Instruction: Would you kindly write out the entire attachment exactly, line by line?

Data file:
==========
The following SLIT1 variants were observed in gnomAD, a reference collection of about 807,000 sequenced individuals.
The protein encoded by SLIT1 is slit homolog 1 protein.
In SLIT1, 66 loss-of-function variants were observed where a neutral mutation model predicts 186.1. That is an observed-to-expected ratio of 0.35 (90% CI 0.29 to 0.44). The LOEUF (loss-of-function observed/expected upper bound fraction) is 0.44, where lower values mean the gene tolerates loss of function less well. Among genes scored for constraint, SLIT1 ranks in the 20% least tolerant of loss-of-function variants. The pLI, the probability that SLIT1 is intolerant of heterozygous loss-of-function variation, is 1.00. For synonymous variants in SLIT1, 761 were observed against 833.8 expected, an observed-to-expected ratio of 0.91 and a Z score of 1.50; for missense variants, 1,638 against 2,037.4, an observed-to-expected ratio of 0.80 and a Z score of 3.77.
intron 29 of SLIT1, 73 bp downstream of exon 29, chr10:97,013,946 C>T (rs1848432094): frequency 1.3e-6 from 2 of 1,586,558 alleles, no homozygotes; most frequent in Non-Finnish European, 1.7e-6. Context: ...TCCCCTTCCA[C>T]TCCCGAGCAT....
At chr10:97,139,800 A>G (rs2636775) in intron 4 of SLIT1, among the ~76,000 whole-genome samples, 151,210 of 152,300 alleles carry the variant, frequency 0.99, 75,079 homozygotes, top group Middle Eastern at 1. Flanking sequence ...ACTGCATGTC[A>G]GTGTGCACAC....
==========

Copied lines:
The following SLIT1 variants were observed in gnomAD, a reference collection of about 807,000 sequenced individuals.
The protein encoded by SLIT1 is slit homolog 1 protein.
In SLIT1, 66 loss-of-function variants were observed where a neutral mutation model predicts 186.1. That is an observed-to-expected ratio of 0.35 (90% CI 0.29 to 0.44). The LOEUF (loss-of-function observed/expected upper bound fraction) is 0.44, where lower values mean the gene tolerates loss of function less well. Among genes scored for constraint, SLIT1 ranks in the 20% least tolerant of loss-of-function variants. The pLI, the probability that SLIT1 is intolerant of heterozygous loss-of-function variation, is 1.00. For synonymous variants in SLIT1, 761 were observed against 833.8 expected, an observed-to-expected ratio of 0.91 and a Z score of 1.50; for missense variants, 1,638 against 2,037.4, an observed-to-expected ratio of 0.80 and a Z score of 3.77.
intron 29 of SLIT1, 73 bp downstream of exon 29, chr10:97,013,946 C>T (rs1848432094): frequency 1.3e-6 from 2 of 1,586,558 alleles, no homozygotes; most frequent in Non-Finnish European, 1.7e-6. Context: ...TCCCCTTCCA[C>T]TCCCGAGCAT....
At chr10:97,139,800 A>G (rs2636775) in intron 4 of SLIT1, among the ~76,000 whole-genome samples, 151,210 of 152,300 alleles carry the variant, frequency 0.99, 75,079 homozygotes, top group Middle Eastern at 1. Flanking sequence ...ACTGCATGTC[A>G]GTGTGCACAC....